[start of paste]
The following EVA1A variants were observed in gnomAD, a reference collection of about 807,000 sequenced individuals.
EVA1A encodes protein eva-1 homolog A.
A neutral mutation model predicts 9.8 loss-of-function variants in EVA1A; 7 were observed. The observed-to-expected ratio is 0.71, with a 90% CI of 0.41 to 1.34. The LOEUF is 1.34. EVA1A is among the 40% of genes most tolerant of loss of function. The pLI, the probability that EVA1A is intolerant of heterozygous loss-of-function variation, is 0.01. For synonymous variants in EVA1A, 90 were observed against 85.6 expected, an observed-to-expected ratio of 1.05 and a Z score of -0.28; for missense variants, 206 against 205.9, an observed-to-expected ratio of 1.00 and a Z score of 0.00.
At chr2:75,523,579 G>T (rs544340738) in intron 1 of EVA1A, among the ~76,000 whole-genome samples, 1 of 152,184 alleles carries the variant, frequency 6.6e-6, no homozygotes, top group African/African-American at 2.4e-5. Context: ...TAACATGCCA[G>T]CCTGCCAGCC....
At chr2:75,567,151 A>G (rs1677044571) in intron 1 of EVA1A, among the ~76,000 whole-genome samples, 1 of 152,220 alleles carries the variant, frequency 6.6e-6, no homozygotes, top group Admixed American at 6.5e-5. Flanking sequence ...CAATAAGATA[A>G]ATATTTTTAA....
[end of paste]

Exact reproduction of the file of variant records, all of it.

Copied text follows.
The following EVA1A variants were observed in gnomAD, a reference collection of about 807,000 sequenced individuals.
EVA1A encodes protein eva-1 homolog A.
A neutral mutation model predicts 9.8 loss-of-function variants in EVA1A; 7 were observed. The observed-to-expected ratio is 0.71, with a 90% CI of 0.41 to 1.34. The LOEUF is 1.34. EVA1A is among the 40% of genes most tolerant of loss of function. The pLI, the probability that EVA1A is intolerant of heterozygous loss-of-function variation, is 0.01. For synonymous variants in EVA1A, 90 were observed against 85.6 expected, an observed-to-expected ratio of 1.05 and a Z score of -0.28; for missense variants, 206 against 205.9, an observed-to-expected ratio of 1.00 and a Z score of 0.00.
At chr2:75,523,579 G>T (rs544340738) in intron 1 of EVA1A, among the ~76,000 whole-genome samples, 1 of 152,184 alleles carries the variant, frequency 6.6e-6, no homozygotes, top group African/African-American at 2.4e-5. Context: ...TAACATGCCA[G>T]CCTGCCAGCC....
At chr2:75,567,151 A>G (rs1677044571) in intron 1 of EVA1A, among the ~76,000 whole-genome samples, 1 of 152,220 alleles carries the variant, frequency 6.6e-6, no homozygotes, top group Admixed American at 6.5e-5. Flanking sequence ...CAATAAGATA[A>G]ATATTTTTAA....